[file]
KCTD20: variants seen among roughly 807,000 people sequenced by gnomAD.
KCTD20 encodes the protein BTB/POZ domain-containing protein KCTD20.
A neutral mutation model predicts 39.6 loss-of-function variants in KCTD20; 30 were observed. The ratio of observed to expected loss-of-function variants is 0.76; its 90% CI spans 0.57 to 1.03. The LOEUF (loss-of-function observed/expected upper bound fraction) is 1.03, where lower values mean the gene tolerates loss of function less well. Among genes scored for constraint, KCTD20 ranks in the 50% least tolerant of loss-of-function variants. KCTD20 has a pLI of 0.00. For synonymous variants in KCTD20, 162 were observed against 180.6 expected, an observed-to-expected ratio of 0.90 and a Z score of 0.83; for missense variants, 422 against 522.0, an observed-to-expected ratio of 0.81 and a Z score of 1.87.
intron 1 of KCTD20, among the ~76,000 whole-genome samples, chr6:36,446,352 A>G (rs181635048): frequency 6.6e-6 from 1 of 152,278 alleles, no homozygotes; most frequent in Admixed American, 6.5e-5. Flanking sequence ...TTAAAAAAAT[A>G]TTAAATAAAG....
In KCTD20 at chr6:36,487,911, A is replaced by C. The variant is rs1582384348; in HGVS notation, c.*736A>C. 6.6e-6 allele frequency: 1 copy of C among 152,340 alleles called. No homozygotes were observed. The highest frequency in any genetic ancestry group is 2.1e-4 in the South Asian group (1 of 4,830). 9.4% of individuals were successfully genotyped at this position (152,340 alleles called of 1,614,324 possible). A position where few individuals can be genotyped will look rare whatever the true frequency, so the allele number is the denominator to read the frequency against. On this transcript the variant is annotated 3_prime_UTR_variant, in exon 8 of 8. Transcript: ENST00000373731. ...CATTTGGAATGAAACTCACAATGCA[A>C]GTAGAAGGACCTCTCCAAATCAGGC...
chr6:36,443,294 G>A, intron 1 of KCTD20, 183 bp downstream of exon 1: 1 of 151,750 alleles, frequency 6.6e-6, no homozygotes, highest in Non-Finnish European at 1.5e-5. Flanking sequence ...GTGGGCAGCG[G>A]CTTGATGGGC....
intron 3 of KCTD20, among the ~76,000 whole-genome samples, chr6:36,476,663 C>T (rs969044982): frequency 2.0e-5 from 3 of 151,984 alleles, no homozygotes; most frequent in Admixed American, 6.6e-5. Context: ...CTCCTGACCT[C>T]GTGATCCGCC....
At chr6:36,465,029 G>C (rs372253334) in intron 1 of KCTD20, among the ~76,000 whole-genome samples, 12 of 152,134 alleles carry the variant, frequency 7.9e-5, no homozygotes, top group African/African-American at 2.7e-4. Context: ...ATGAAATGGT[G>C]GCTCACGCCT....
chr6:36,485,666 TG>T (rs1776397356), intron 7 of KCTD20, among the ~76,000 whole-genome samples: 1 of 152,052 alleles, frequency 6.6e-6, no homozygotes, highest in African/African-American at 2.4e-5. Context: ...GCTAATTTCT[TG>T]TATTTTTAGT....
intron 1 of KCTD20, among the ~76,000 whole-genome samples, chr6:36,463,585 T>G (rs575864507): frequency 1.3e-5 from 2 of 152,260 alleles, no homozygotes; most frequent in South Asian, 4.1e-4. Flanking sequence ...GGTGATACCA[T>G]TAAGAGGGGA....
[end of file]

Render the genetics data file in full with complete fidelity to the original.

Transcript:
KCTD20: variants seen among roughly 807,000 people sequenced by gnomAD.
KCTD20 encodes the protein BTB/POZ domain-containing protein KCTD20.
A neutral mutation model predicts 39.6 loss-of-function variants in KCTD20; 30 were observed. The ratio of observed to expected loss-of-function variants is 0.76; its 90% CI spans 0.57 to 1.03. The LOEUF (loss-of-function observed/expected upper bound fraction) is 1.03, where lower values mean the gene tolerates loss of function less well. Among genes scored for constraint, KCTD20 ranks in the 50% least tolerant of loss-of-function variants. KCTD20 has a pLI of 0.00. For synonymous variants in KCTD20, 162 were observed against 180.6 expected, an observed-to-expected ratio of 0.90 and a Z score of 0.83; for missense variants, 422 against 522.0, an observed-to-expected ratio of 0.81 and a Z score of 1.87.
intron 1 of KCTD20, among the ~76,000 whole-genome samples, chr6:36,446,352 A>G (rs181635048): frequency 6.6e-6 from 1 of 152,278 alleles, no homozygotes; most frequent in Admixed American, 6.5e-5. Flanking sequence ...TTAAAAAAAT[A>G]TTAAATAAAG....
In KCTD20 at chr6:36,487,911, A is replaced by C. The variant is rs1582384348; in HGVS notation, c.*736A>C. 6.6e-6 allele frequency: 1 copy of C among 152,340 alleles called. No homozygotes were observed. The highest frequency in any genetic ancestry group is 2.1e-4 in the South Asian group (1 of 4,830). 9.4% of individuals were successfully genotyped at this position (152,340 alleles called of 1,614,324 possible). A position where few individuals can be genotyped will look rare whatever the true frequency, so the allele number is the denominator to read the frequency against. On this transcript the variant is annotated 3_prime_UTR_variant, in exon 8 of 8. Transcript: ENST00000373731. ...CATTTGGAATGAAACTCACAATGCA[A>C]GTAGAAGGACCTCTCCAAATCAGGC...
chr6:36,443,294 G>A, intron 1 of KCTD20, 183 bp downstream of exon 1: 1 of 151,750 alleles, frequency 6.6e-6, no homozygotes, highest in Non-Finnish European at 1.5e-5. Flanking sequence ...GTGGGCAGCG[G>A]CTTGATGGGC....
intron 3 of KCTD20, among the ~76,000 whole-genome samples, chr6:36,476,663 C>T (rs969044982): frequency 2.0e-5 from 3 of 151,984 alleles, no homozygotes; most frequent in Admixed American, 6.6e-5. Context: ...CTCCTGACCT[C>T]GTGATCCGCC....
At chr6:36,465,029 G>C (rs372253334) in intron 1 of KCTD20, among the ~76,000 whole-genome samples, 12 of 152,134 alleles carry the variant, frequency 7.9e-5, no homozygotes, top group African/African-American at 2.7e-4. Context: ...ATGAAATGGT[G>C]GCTCACGCCT....
chr6:36,485,666 TG>T (rs1776397356), intron 7 of KCTD20, among the ~76,000 whole-genome samples: 1 of 152,052 alleles, frequency 6.6e-6, no homozygotes, highest in African/African-American at 2.4e-5. Context: ...GCTAATTTCT[TG>T]TATTTTTAGT....
intron 1 of KCTD20, among the ~76,000 whole-genome samples, chr6:36,463,585 T>G (rs575864507): frequency 1.3e-5 from 2 of 152,260 alleles, no homozygotes; most frequent in South Asian, 4.1e-4. Flanking sequence ...GGTGATACCA[T>G]TAAGAGGGGA....